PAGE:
Blog
About

0
views
0
recommends
+1 Recommend
2 collections
    0
    shares
      • Record: found
      • Abstract: found
      • Article: found

      Intestinal dendritic cell and macrophage subsets: Tipping the balance to Crohn's Disease?

      Read this article at

      ScienceOpenPublisher
      Bookmark
          There is no author summary for this article yet. Authors can add summaries to their articles on ScienceOpen to make them more accessible to a non-specialist audience.

          Abstract

          Dendritic cells and macrophages play an essential role in immune homeostasis in the intestine. They have the critical task of maintaining the balance between tolerance to the intestinal microflora and potential food antigens while retaining the ability to initiate immunity against pathogens. For patients with Crohn's Disease, the tolerance/immunity balance is disturbed and these individuals suffer from chronic intestinal inflammation driven by aberrant T cell reactivity to intestinal bacteria. As antigen presenting cells are required for T cell activation, intestinal phagocytes with the capacity to present antigens from intestinal bacteria to T cells are likely involved in initiating and propagating Crohn's Disease. Recent data describe unique subsets of human intestinal phagocytes that may be involved in the aberrant reactivity to commensal flora that drives Crohn's Disease pathogenesis. This review summarizes the current knowledge of phagocyte subsets in the intestine and mesenteric lymph nodes in healthy individuals and Crohn's Disease patients. Deciphering the function of intestinal phagocytes in health and disease is crucial to advance our understanding of the cellular mechanisms underlying this debilitating disease, provides a potential way to improve treatment for patients with inflammatory bowel disease.

          Related collections

          Most cited references 45

          • Record: found
          • Abstract: found
          • Article: found
          Is Open Access

          Superior antigen cross-presentation and XCR1 expression define human CD11c+CD141+ cells as homologues of mouse CD8+ dendritic cells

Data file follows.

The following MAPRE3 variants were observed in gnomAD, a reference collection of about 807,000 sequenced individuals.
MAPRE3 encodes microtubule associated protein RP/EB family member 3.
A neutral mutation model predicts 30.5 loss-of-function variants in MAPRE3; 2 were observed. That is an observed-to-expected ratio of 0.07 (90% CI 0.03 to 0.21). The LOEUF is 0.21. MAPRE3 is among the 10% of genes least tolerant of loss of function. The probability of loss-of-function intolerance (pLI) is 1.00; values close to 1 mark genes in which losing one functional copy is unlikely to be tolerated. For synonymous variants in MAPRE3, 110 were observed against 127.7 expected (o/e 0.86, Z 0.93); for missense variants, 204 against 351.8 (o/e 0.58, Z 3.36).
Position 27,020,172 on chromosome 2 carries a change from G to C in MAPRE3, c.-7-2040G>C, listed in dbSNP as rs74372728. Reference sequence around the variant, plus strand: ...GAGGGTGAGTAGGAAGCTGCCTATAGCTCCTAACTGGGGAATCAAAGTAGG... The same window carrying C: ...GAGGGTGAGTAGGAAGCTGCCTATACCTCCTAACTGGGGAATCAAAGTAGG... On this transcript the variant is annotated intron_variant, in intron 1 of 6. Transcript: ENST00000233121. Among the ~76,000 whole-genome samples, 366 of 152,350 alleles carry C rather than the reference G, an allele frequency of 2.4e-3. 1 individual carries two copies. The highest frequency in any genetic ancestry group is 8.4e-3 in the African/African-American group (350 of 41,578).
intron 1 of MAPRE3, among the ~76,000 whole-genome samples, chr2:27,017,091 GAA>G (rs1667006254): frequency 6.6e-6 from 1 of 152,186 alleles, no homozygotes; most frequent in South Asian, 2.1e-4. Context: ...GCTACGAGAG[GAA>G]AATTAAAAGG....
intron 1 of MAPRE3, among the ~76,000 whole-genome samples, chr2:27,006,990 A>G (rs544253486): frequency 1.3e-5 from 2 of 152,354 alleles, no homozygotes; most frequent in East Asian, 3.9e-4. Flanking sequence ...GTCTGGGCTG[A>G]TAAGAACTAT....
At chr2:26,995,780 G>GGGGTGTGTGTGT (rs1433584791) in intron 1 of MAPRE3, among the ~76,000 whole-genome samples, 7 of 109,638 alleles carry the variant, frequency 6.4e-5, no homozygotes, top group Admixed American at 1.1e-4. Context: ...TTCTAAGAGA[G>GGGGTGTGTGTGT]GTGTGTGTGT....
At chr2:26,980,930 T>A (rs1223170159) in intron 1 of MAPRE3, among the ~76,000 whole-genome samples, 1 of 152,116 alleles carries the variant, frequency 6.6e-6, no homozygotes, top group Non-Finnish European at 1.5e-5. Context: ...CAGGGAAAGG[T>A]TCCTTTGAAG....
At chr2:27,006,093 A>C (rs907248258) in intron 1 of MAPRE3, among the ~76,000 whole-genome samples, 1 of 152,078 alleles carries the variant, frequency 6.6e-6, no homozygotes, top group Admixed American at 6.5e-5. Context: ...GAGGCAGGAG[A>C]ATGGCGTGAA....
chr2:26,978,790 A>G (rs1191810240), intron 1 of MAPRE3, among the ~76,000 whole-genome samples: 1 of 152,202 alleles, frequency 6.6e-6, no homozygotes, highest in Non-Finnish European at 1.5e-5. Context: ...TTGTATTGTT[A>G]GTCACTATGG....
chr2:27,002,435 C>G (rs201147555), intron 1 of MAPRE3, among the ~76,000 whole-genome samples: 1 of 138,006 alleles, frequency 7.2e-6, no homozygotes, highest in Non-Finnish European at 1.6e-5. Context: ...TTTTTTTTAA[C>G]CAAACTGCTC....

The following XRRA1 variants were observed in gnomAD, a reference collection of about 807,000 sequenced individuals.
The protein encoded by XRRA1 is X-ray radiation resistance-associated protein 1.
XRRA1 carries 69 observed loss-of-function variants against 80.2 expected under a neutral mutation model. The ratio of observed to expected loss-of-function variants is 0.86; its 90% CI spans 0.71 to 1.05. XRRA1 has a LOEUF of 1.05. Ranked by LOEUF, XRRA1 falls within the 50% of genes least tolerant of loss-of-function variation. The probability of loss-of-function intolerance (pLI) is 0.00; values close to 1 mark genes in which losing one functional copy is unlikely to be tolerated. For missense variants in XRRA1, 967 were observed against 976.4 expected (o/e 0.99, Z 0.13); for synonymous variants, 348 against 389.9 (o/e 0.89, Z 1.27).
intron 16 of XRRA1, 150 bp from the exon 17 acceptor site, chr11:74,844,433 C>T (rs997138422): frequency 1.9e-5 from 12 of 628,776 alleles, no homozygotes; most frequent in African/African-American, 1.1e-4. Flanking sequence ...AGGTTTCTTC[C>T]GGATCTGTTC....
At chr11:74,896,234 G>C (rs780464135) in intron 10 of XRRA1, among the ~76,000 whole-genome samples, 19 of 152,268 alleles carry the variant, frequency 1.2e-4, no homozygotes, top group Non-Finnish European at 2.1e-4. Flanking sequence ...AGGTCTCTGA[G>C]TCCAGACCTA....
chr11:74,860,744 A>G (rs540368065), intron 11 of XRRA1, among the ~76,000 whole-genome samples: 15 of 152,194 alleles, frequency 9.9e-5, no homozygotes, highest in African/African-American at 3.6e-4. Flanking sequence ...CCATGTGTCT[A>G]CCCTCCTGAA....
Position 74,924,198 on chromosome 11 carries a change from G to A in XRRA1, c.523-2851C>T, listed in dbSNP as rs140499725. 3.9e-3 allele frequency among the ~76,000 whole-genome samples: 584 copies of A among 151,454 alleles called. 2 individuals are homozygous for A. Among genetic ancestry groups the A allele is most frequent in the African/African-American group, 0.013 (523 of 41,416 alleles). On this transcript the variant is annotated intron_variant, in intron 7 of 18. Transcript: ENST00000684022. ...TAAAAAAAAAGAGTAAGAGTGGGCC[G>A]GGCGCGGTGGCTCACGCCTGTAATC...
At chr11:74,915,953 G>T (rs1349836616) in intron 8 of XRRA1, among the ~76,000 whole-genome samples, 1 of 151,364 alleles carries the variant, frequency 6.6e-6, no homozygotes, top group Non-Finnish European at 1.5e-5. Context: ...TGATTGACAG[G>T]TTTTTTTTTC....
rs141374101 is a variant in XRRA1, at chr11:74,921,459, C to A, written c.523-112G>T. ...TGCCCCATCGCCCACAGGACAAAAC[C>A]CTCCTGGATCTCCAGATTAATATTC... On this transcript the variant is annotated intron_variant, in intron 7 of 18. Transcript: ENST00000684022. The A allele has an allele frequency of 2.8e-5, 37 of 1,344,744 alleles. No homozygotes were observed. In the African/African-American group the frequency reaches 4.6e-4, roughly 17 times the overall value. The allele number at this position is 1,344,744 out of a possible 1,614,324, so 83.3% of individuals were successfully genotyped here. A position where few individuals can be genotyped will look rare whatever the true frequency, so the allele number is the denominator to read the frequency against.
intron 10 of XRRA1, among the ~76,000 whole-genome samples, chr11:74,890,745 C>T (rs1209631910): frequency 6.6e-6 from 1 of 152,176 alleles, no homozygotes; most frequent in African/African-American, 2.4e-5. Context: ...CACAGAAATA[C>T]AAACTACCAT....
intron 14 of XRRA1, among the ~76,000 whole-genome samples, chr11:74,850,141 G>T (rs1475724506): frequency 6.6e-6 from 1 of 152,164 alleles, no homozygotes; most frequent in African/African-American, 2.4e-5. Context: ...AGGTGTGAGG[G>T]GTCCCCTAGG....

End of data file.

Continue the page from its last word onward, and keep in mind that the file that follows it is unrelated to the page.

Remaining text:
In recent years, human dendritic cells (DCs) could be subdivided into CD304+ plasmacytoid DCs (pDCs) and conventional DCs (cDCs), the latter encompassing the CD1c+, CD16+, and CD141+ DC subsets. To date, the low frequency of these DCs in human blood has essentially prevented functional studies defining their specific contribution to antigen presentation. We have established a protocol for an effective isolation of pDC and cDC subsets to high purity. Using this approach, we show that CD141+ DCs are the only cells in human blood that express the chemokine receptor XCR1 and respond to the specific ligand XCL1 by Ca2+ mobilization and potent chemotaxis. More importantly, we demonstrate that CD141+ DCs excel in cross-presentation of soluble or cell-associated antigen to CD8+ T cells when directly compared with CD1c+ DCs, CD16+ DCs, and pDCs from the same donors. Both in their functional XCR1 expression and their effective processing and presentation of exogenous antigen in the context of major histocompatibility complex class I, human CD141+ DCs correspond to mouse CD8+ DCs, a subset known for superior antigen cross-presentation in vivo. These data define CD141+ DCs as professional antigen cross-presenting DCs in the human.
            Bookmark
            • Record: found
            • Abstract: found
            • Article: not found

            Characterization of human DNGR-1+ BDCA3+ leukocytes as putative equivalents of mouse CD8α+ dendritic cells